DAVAO (Philippines) • Philippines President Rodrigo Duterte, saying he was "not a fan" of the United States, vowed yesterday to steer an independent course for the key Asian ally and refrain from confronting territorial rival China.
The incendiary leader made the comments after a controversial first foreign trip and spectacular falling out with US President Barack Obama.
"I am not a fan of the Americans... Filipinos should be first before everybody else," Mr Duterte said upon arrival in his hometown of Davao city yesterday.
"In our relations to the world, the Philippines will pursue an independent foreign policy. I repeat: The Philippines will pursue an independent foreign policy."
The President's trip to a summit in Laos was overshadowed by his verbal tirade, which saw Mr Obama cancel a planned meeting. The pair met briefly later after Mr Duterte expressed regret.
The US, Manila's main military ally and the Philippines' colonial ruler until 1946, has criticised Mr Duterte's brutal crackdown on crime, which has claimed 3,000 lives since he took office in July and drawn condemnation from the United Nations.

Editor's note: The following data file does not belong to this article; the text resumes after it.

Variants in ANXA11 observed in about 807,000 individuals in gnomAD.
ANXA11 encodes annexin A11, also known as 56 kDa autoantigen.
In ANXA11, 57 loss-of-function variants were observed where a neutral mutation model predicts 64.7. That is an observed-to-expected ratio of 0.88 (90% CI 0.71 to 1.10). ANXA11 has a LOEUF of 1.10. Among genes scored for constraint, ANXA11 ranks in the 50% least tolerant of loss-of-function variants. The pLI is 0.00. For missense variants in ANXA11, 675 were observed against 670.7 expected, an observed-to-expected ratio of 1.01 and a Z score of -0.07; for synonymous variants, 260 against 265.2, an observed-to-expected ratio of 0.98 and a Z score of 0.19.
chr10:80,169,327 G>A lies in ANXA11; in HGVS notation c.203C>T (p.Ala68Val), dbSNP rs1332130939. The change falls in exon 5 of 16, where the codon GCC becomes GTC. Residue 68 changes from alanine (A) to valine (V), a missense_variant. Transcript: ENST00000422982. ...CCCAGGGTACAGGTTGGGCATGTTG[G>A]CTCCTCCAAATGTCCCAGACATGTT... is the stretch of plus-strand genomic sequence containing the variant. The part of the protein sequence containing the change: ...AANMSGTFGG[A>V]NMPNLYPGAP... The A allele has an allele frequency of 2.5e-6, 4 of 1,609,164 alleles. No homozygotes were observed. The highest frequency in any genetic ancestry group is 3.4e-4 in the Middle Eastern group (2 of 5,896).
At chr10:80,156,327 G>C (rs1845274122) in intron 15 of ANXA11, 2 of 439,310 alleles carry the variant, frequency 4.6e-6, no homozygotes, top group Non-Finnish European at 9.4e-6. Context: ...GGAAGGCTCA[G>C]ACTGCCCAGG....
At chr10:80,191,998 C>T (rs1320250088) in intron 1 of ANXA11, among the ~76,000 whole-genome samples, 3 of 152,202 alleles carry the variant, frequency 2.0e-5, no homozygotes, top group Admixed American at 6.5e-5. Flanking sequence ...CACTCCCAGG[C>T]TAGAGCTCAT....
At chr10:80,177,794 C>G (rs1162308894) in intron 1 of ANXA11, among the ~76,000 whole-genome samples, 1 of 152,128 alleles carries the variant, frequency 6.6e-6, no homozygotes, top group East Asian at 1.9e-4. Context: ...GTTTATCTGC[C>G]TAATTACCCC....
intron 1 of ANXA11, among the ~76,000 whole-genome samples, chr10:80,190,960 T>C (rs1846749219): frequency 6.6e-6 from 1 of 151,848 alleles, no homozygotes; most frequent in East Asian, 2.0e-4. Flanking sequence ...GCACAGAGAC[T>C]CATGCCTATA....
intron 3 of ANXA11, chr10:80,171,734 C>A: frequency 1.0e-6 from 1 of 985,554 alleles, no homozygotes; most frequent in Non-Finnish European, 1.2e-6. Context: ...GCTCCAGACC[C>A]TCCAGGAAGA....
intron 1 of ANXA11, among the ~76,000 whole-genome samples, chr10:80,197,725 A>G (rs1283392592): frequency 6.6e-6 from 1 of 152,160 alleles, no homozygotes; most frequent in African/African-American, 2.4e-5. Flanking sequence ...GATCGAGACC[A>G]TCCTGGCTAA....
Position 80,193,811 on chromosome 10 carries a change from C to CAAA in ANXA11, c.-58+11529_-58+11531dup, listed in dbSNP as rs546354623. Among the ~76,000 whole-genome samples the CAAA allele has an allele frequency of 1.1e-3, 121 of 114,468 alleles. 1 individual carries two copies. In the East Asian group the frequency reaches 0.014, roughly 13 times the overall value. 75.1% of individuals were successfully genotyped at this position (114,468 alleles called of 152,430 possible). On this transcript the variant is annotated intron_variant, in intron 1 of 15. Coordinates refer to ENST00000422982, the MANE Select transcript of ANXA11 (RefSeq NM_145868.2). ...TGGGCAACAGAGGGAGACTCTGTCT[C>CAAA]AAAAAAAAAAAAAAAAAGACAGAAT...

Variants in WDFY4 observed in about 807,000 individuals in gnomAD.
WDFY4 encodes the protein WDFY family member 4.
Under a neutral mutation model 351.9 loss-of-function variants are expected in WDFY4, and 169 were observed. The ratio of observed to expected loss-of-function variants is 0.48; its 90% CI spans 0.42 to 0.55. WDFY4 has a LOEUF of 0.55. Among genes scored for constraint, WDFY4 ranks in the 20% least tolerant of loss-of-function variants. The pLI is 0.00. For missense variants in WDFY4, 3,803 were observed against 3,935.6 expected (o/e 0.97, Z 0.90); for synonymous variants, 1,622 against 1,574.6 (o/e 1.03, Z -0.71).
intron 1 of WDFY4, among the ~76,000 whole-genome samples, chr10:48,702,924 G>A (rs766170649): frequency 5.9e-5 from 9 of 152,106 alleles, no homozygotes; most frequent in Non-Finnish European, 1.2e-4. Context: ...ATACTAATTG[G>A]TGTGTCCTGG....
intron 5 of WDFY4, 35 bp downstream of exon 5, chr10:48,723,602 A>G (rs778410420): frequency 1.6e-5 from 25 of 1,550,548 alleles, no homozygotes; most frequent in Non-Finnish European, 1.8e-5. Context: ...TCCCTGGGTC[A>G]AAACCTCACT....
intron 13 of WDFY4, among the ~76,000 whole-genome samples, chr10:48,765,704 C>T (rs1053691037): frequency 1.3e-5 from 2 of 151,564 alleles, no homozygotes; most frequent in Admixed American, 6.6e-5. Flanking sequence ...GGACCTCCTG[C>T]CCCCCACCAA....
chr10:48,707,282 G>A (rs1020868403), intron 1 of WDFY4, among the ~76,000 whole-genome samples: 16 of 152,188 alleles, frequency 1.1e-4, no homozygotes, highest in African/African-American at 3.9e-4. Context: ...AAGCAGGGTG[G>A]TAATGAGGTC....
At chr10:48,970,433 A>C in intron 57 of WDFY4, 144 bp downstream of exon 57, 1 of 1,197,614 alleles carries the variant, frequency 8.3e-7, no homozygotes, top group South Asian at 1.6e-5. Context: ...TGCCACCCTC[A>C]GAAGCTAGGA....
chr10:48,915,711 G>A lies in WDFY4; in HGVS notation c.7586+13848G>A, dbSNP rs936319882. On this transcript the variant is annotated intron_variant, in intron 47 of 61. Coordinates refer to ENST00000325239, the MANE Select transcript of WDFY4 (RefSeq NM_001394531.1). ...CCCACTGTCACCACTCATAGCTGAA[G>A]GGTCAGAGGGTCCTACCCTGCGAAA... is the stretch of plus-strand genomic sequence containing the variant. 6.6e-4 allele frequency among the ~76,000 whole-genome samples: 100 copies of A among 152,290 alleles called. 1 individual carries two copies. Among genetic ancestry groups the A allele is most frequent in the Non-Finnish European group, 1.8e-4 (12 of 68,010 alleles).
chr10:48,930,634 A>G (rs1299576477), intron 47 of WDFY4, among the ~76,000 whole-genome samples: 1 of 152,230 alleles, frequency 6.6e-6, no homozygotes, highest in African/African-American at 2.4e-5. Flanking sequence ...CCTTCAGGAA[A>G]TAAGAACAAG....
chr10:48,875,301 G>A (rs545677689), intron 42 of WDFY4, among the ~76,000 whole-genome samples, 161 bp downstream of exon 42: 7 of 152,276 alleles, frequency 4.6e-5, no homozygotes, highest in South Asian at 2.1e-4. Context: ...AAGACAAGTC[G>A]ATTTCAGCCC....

Mr Obama has urged the Filipino leader to conduct his crime war "the right way" and protect human rights, but Mr Duterte has dismissed it as being none of America's business.
The two leaders also subtly differed on how to proceed after an international tribunal in July outlawed most of China's claims to the strategic South China Sea, including areas that overlap with those of the Philippines and other neighbours.
Mr Obama, whose government wants to ensure freedom of navigation in the waterway, stressed that the tribunal's ruling was "binding" and could not be ignored by Beijing, which has rejected it.
Mr Duterte favours a "soft landing" for the issue and said it would be counter-productive for his militarily weak nation, which hosts small units of US forces, to confront China or undertake actions that could lead to armed conflict.
On Friday during a visit to Indonesia, Mr Duterte announced China had pledged to help build drug rehabilitation centres to treat Filipino crystal meth users.
Law enforcement officials believe criminal gangs in China, Taiwan and Hong Kong supply most of the illegal and highly addictive stimulants to the Philippines.
"Only China has offered to help us," said Mr Duterte.